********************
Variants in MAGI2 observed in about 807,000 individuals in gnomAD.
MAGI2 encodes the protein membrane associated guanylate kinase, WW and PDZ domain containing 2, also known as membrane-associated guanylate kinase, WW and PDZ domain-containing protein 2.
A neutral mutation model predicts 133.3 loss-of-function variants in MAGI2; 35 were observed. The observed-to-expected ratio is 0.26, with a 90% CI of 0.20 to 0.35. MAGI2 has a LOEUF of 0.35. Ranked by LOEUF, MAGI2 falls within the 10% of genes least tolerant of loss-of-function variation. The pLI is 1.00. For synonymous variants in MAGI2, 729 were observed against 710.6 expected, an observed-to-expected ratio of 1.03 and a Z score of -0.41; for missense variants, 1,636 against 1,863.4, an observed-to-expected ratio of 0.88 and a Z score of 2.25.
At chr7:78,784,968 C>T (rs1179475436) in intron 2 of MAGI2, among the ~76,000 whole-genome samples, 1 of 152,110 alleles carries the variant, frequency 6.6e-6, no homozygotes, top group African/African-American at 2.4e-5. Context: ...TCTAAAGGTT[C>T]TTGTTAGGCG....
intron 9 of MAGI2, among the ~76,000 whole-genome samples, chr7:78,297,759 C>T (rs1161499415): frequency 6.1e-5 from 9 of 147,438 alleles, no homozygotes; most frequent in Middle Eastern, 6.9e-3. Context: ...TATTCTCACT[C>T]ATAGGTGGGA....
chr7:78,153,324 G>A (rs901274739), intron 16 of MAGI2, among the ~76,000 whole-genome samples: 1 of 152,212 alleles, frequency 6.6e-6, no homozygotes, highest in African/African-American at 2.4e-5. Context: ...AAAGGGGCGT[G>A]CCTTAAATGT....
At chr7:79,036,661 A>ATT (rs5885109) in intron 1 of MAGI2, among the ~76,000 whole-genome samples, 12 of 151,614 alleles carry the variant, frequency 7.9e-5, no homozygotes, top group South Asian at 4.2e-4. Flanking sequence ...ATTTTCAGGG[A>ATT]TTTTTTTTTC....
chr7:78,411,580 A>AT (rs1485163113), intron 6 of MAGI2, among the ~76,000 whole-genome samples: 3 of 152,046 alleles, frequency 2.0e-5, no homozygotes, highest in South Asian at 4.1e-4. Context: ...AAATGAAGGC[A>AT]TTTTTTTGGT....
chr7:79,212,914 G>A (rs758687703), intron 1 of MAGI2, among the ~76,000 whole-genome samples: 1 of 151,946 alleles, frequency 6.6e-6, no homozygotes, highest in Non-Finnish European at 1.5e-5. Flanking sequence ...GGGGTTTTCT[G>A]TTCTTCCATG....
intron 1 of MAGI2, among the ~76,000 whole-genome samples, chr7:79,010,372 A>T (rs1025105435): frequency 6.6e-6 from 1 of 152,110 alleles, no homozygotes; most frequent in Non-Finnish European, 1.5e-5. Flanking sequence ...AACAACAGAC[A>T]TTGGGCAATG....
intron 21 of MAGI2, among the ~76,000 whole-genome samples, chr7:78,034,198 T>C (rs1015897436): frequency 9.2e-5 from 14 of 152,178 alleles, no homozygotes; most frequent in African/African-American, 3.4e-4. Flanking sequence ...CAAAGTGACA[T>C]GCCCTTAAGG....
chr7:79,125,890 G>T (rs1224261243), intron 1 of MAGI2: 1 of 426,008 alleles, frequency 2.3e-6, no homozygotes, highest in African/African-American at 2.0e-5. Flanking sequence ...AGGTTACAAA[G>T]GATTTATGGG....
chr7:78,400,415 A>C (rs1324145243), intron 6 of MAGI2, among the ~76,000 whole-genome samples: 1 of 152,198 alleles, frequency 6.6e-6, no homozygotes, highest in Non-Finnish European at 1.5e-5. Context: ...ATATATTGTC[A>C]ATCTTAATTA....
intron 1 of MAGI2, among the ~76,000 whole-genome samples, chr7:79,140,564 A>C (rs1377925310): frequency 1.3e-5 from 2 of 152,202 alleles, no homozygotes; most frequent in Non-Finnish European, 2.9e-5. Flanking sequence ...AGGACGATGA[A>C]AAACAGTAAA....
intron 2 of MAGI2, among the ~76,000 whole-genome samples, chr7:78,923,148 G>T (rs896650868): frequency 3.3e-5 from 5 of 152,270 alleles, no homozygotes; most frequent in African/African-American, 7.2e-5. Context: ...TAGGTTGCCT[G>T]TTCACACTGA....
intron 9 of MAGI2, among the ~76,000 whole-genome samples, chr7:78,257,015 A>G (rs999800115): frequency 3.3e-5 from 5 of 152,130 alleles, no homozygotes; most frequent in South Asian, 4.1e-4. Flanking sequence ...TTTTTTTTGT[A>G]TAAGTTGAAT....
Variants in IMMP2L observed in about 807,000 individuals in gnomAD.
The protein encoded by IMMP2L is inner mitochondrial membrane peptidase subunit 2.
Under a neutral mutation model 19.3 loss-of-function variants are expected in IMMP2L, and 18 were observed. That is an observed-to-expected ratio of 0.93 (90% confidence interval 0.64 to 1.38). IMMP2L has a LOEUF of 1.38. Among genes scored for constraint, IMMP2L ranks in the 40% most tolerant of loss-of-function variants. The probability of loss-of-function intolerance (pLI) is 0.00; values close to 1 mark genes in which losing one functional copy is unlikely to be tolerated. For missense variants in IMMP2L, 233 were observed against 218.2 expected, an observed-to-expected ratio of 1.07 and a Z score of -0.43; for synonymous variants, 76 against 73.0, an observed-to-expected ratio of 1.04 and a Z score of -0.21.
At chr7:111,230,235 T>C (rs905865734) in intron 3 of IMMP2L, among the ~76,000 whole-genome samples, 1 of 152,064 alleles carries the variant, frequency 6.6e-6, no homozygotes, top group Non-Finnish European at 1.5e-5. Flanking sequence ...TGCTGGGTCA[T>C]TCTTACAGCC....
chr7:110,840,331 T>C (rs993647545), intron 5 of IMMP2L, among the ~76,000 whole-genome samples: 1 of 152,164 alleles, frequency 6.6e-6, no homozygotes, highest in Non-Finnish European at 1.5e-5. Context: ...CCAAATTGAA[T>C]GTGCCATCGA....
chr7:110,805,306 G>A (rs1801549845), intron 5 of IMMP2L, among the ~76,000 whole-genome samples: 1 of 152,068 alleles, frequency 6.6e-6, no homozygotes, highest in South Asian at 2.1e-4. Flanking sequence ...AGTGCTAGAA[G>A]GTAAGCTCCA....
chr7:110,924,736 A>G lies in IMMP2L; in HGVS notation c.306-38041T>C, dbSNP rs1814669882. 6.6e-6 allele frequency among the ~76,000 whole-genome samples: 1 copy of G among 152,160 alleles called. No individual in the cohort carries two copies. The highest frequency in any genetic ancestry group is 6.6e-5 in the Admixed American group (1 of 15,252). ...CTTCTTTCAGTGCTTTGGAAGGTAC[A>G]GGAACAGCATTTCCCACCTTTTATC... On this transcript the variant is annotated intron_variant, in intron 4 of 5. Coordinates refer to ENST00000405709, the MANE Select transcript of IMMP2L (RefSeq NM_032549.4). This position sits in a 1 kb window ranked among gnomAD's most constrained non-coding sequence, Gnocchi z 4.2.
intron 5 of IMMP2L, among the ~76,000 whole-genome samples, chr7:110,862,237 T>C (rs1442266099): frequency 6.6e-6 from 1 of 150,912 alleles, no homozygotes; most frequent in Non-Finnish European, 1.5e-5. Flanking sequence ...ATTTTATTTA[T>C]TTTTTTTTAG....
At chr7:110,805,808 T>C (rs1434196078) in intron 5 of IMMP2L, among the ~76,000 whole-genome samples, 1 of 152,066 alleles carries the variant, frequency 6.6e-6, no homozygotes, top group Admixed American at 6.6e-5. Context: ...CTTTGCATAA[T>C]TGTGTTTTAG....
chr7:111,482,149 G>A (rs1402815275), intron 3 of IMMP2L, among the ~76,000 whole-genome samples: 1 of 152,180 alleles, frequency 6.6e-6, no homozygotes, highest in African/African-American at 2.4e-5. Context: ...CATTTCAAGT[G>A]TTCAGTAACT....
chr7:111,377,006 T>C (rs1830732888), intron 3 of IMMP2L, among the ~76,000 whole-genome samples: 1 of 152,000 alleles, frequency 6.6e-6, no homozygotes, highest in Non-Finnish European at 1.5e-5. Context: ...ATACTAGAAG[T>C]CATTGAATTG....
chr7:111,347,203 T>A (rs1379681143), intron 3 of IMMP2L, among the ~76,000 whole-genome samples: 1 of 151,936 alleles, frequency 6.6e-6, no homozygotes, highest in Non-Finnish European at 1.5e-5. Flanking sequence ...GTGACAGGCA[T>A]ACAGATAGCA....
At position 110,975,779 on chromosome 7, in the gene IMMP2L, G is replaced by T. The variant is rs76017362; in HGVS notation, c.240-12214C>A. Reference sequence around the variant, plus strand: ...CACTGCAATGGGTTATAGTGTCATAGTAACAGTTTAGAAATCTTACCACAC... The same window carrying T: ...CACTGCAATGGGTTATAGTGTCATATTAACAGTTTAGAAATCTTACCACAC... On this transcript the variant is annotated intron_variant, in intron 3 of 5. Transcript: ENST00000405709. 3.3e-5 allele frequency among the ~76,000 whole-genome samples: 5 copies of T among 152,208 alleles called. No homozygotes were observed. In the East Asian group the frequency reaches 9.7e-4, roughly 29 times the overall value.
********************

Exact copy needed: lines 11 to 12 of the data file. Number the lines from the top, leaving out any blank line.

intron 21 of MAGI2, among the ~76,000 whole-genome samples, chr7:78,034,198 T>C (rs1015897436): frequency 9.2e-5 from 14 of 152,178 alleles, no homozygotes; most frequent in African/African-American, 3.4e-4. Flanking sequence ...CAAAGTGACA[T>C]GCCCTTAAGG....
chr7:79,125,890 G>T (rs1224261243), intron 1 of MAGI2: 1 of 426,008 alleles, frequency 2.3e-6, no homozygotes, highest in African/African-American at 2.0e-5. Flanking sequence ...AGGTTACAAA[G>T]GATTTATGGG....